Sound Investments in Wireless Speakers
The stereo system may have gone the way of vinyl records, replaced by digital music files stored on, or streamed from, smartphones, tablets and computers. But good speakers still define quality listening pleasure. The wireless sound boxes here may be small, but like most tech these days, they pack a punch.
Libratone Live ($699)
This thigh-high, Italian-wool-wrapped speaker is as soft to the touch as it is to the ear, but it's the sound that wows: By reflecting audio waves off the inside of its triangular shape, the Libratone can fill a room with deep, rich music.
Connectivity: Apple iOS mobile devices connect via Wi-Fi (sorry, Android users). Apple iTunes-connected PCs and Macs can use Wi-Fi to stream to up to six speakers at once--perfect for large offices, boutiques or bistros.
Braven 650 ($189)
Made from lightweight, nearly indestructible, aircraft-grade aluminum, the stapler-size Braven is ideal for desktops, workbenches and travel. Bonus: When attached to a smartphone, the unit's built-in mic turns it into a speakerphone.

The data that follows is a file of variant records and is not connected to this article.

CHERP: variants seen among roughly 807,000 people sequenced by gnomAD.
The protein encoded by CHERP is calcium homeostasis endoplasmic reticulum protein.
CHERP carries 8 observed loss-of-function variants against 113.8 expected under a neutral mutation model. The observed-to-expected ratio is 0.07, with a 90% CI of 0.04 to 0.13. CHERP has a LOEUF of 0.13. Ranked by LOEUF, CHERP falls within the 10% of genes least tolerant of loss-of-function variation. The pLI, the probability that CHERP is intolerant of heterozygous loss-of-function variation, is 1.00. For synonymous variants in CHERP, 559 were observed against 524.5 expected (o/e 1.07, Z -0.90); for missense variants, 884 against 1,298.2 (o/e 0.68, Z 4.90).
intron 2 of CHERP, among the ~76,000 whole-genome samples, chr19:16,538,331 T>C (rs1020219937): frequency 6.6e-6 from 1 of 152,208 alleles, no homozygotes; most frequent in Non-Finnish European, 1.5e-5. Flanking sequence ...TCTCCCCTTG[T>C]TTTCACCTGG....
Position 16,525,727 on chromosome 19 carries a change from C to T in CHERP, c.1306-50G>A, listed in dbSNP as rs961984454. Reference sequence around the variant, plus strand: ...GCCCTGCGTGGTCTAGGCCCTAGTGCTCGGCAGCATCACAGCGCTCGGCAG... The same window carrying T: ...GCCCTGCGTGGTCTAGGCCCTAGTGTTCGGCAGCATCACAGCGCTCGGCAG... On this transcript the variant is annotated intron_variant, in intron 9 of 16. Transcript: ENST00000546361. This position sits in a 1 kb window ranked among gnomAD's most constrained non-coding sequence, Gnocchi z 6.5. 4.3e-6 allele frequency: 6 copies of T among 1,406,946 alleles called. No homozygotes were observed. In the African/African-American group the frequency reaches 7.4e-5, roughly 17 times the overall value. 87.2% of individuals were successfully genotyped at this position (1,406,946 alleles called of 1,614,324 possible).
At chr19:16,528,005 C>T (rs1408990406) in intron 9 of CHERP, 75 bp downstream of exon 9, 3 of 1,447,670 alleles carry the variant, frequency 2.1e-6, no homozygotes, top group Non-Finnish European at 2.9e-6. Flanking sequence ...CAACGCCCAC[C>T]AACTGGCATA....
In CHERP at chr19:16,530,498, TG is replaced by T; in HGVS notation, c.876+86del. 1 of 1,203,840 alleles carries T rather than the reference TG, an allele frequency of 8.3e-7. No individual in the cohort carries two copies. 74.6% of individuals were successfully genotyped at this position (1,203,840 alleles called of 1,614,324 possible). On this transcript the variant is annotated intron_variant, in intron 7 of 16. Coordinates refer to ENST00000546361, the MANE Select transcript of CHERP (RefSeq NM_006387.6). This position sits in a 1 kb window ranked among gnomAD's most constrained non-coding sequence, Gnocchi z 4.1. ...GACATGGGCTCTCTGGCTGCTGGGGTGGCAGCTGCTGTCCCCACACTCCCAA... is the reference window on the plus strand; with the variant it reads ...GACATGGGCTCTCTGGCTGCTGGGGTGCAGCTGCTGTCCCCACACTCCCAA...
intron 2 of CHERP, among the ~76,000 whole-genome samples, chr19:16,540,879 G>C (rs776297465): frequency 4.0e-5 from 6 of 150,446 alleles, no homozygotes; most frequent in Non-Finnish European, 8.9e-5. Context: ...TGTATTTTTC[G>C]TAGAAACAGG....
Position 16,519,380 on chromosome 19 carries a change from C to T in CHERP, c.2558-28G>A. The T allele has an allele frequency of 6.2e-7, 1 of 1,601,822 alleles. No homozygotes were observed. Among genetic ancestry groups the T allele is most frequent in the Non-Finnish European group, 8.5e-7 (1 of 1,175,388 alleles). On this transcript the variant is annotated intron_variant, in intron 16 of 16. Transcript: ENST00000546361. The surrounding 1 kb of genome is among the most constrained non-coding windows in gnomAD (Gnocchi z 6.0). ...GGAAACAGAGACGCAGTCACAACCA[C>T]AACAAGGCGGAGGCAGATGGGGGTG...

Connectivity: The Braven 650 uses Bluetooth to sync to smartphones and laptops. Its integrated USB port turns the speaker into a charging station for phones and tablets.
iHome iW1 ($300)
The rechargeable, grab-and-go iW1 allows you to bring sound anywhere: to the patio, the break room or the company picnic. With iTunes and a Wi-Fi receiver, users can feed music to speakers in multiple rooms and on multiple floors from one computer or iPhone.
Connectivity: Works only with iOS mobile devices (iPhone, iPad) or PCs and Macs running iTunes.
JBL OnBeat Xtreme ($500)
Look past the OnBeat Xtreme's polarizing aesthetics and listen: This speaker packs a deep bass and full sonic range. Thankfully, that great sound comes through even when you hide the speaker behind a plant. Users of iOS mobile devices with a FaceTime app can turn the JBL unit into an übertech teleconferencing station.
Connectivity: Works with any Bluetooth-equipped device. iPhones and iPads connect directly to the speaker.
The connection question
Which wireless format to choose?
Pros: Audiophiles claim it sounds better because song-file compression is kept to a minimum, if at all. Wi-Fi signals reach farther and are more robust than Bluetooth.
Cons: Wi-Fi consumes more juice, affecting how long your smartphone's battery lasts.
Pros: It's available on a much larger range of mobile devices and laptops. No need to download special apps to sync speakers.
Cons: The device or computer streaming the music files should be less than 30 feet away from the speaker.
Based in Portland, Ore., John Patrick Pullen covers travel, business and tech for Men's Journal, Fortune and others.